Personally I'd prefer a highly hypothecated tax system, where (as far as possible) you pay for those services that you use, and can opt out where you feel you can get a better deal (e.g. in rubbish collection).

Wow. A world with an army of bureaucrats calculating micro-payments. You walked how many yards on publicly-provided and maintained pavements this week - that's 50p. You put litter in a council bin in the park last week - that's 2p. You drove x miles on local roads last week, that's £1.50. You drove y miles on motorways last week - no, that's central government who have another army of people. They'll send you a separate bill. Astonishing progress made in 1840, 1d flat-rate postage to all corners of the UK. Transformed business instead of the old hugely expensive pay whatever fee to send a letter by stagecoach/man on horse/boat etc etc.

Stars is right. Housing is enmeshed in a network of publicly-funded services, be they roads, pavements, street lighting, cleaning, policing, rubbish disposal, etc etc. We live in a highly interdependent world, only there's this myth of individualism that enables people to kid themselves that they should only pay for what they think they actually use. 21st century westerners can only delude themselves about their relations with the state because they take for granted what the state does, as they've never known anything else.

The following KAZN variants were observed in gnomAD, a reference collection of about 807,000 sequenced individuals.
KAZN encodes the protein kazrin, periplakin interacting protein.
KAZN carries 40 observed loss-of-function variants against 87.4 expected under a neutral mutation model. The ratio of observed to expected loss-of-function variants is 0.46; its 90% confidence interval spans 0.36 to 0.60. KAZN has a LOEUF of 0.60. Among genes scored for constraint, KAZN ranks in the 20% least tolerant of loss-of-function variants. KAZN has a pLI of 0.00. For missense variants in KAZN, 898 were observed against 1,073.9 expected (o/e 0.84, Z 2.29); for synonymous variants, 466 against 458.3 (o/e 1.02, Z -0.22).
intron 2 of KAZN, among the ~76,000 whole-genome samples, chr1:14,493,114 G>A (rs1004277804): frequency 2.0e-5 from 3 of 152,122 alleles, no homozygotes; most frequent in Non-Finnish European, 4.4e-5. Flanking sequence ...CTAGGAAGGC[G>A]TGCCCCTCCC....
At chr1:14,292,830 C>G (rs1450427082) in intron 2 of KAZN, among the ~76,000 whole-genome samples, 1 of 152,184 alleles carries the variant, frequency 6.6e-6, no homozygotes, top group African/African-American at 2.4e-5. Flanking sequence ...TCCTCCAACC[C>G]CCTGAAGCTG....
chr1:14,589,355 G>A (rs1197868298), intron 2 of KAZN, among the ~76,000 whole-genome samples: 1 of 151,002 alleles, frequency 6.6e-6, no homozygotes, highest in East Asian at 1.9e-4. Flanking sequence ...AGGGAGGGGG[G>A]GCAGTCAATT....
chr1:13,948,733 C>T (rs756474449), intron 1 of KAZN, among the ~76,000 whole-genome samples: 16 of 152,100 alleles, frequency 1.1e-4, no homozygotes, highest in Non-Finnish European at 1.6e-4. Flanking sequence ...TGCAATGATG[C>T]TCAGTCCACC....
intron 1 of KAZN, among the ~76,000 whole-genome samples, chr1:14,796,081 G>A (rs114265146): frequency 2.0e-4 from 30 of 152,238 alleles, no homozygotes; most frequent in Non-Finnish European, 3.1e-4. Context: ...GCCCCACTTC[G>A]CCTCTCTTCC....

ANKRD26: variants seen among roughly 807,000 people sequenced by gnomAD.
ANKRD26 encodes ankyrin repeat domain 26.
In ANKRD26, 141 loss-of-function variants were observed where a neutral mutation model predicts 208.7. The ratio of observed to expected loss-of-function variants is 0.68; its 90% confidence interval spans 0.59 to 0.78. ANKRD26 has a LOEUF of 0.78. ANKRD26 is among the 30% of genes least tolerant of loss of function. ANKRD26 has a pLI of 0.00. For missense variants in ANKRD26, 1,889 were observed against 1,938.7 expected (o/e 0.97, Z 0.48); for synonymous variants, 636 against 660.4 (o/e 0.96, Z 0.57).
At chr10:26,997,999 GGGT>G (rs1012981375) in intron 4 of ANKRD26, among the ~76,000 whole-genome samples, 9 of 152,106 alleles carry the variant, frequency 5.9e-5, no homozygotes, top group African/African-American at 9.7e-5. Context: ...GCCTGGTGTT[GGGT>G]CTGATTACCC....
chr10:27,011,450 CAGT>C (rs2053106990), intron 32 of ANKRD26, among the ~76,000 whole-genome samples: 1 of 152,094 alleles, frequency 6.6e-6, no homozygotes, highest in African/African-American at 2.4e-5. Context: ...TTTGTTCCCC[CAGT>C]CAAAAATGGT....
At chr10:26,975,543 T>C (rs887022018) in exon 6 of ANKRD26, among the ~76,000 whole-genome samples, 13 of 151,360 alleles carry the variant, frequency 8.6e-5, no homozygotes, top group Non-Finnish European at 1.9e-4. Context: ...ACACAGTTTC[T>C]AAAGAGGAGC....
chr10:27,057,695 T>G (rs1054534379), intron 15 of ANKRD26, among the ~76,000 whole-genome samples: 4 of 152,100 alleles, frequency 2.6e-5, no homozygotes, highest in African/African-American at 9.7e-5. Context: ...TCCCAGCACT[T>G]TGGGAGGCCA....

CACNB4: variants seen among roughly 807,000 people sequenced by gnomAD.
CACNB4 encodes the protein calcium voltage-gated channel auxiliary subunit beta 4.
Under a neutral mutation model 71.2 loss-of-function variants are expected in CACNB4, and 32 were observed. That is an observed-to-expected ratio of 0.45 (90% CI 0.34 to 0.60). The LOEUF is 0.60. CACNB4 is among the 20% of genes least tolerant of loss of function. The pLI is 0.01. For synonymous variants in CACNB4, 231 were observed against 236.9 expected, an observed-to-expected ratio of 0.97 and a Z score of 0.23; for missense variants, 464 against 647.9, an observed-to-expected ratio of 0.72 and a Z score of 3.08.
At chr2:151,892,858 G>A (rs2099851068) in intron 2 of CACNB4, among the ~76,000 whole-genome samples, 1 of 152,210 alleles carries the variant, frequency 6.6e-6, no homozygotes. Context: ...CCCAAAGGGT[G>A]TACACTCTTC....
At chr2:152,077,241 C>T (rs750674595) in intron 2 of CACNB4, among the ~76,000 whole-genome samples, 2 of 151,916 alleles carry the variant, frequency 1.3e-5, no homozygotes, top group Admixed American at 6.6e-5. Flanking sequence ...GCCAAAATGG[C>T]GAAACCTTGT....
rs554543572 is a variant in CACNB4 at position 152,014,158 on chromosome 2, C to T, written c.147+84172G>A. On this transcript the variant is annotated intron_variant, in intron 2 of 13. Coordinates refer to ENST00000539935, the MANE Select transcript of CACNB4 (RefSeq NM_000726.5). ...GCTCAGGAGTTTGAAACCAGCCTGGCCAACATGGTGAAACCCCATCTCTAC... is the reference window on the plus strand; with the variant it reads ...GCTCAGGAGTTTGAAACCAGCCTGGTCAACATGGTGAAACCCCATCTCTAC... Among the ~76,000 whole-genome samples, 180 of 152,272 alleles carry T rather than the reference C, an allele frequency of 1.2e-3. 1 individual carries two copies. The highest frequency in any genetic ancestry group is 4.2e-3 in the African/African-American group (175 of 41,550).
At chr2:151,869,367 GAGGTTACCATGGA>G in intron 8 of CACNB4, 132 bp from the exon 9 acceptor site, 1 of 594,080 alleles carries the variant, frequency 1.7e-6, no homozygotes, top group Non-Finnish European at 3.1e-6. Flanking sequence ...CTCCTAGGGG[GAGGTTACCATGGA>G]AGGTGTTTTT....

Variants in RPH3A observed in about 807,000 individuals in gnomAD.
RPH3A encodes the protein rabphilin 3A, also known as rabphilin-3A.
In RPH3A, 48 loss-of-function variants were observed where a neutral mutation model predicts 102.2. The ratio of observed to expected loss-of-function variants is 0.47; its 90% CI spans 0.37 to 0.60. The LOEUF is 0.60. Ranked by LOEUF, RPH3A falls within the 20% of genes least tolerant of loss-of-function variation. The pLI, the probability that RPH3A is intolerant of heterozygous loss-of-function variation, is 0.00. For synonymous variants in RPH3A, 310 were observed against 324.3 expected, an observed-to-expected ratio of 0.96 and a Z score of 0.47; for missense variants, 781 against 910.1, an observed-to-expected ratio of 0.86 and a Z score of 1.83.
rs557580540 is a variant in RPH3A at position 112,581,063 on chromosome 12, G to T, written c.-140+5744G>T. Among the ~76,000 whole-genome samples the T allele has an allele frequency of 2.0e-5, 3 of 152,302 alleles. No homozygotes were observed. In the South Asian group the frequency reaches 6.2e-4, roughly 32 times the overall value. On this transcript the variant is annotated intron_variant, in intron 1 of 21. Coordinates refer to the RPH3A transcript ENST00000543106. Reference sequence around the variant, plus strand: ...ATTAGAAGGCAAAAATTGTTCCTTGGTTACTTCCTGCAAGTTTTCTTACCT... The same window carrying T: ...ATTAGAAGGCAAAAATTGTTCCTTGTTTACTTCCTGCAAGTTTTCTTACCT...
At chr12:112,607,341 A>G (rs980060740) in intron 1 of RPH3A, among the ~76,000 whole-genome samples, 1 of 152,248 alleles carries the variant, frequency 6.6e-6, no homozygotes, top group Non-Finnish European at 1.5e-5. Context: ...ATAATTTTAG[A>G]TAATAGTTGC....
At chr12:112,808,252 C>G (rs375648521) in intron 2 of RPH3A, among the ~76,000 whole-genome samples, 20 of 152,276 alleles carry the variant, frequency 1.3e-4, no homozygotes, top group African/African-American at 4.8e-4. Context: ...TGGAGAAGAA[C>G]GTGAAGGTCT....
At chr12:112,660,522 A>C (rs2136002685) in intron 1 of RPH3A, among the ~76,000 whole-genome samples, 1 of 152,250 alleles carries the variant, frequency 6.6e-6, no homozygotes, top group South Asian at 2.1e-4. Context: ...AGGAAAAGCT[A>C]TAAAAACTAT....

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Reminds me of the end of the Ming dynasty in China whereby taxes were levied so high and money was printed so quickly people downed tools and became beggars instead as it afforded them a better life style.

Indeed. I jacked in my "well paid" job with a multi national two years ago because, well, it just weren't well paid enough to be worth the unprecedented BS I had to endure from senior management.

Now I work in the woods making furniture from green wood. Can the council charge me rates?

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Erm, ISTR minimum standards of space per person in the workplace: something like 40 sq ft (just under 4 sq m). That would make putting more than one person into 5-6 sq m illegal.

Is that my memory playing tricks? Or ..... ?

The actual space is a lot more than 6 sq meters, we just rent that much. Useable space is perhaps more like 12 sq meters and it isn’t two people at a time. More like 1 person and 2 people during the few busy hours